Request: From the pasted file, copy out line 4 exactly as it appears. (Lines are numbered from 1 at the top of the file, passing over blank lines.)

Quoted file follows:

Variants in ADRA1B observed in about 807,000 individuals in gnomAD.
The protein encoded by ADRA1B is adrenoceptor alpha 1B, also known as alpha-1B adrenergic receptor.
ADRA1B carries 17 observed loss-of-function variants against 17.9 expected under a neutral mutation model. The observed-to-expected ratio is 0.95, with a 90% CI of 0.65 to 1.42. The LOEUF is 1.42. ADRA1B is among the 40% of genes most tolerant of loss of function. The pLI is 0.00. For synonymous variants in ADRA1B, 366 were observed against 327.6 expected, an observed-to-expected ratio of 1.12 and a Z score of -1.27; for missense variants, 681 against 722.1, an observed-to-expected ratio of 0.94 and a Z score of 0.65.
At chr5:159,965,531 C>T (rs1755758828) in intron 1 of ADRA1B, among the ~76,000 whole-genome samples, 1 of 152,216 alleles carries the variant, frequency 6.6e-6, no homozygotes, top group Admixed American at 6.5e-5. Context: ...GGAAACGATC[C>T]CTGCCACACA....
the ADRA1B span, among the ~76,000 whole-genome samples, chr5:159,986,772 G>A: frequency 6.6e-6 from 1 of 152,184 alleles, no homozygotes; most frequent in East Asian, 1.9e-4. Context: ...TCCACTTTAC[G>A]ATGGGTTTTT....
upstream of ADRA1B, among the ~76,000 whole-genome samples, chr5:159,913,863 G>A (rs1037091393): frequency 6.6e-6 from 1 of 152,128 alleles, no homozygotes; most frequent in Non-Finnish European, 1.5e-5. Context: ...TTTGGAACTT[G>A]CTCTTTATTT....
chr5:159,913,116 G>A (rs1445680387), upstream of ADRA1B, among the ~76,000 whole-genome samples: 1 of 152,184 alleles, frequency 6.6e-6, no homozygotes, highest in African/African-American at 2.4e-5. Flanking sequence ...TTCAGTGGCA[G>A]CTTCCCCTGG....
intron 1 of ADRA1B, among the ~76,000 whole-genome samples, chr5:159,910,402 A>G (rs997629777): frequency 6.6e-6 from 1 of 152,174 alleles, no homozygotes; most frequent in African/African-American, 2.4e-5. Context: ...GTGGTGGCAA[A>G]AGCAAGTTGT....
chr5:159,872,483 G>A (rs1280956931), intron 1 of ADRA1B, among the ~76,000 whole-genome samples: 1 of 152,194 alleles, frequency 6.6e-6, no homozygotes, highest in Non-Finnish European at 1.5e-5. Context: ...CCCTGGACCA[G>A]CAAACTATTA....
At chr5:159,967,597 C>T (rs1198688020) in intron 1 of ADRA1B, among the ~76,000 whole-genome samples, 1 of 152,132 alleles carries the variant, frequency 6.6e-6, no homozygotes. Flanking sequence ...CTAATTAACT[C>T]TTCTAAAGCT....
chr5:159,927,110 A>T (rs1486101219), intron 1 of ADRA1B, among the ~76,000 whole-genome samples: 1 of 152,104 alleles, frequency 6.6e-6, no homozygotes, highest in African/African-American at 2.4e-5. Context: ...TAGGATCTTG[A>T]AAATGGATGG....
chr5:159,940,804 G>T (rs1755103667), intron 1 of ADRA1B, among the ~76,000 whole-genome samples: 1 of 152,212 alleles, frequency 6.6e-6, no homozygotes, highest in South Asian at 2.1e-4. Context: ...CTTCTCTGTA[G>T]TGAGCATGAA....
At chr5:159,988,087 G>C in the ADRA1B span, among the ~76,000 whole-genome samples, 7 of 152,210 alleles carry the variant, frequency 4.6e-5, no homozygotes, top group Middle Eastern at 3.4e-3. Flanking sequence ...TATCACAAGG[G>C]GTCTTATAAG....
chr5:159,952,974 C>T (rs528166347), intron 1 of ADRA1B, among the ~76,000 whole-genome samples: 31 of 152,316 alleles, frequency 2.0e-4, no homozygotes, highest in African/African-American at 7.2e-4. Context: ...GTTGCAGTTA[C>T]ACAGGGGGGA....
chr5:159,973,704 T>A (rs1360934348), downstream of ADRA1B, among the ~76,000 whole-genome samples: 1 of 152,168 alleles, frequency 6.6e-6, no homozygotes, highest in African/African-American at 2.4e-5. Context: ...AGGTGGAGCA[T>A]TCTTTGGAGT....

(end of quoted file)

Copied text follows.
At chr5:159,965,531 C>T (rs1755758828) in intron 1 of ADRA1B, among the ~76,000 whole-genome samples, 1 of 152,216 alleles carries the variant, frequency 6.6e-6, no homozygotes, top group Admixed American at 6.5e-5. Context: ...GGAAACGATC[C>T]CTGCCACACA....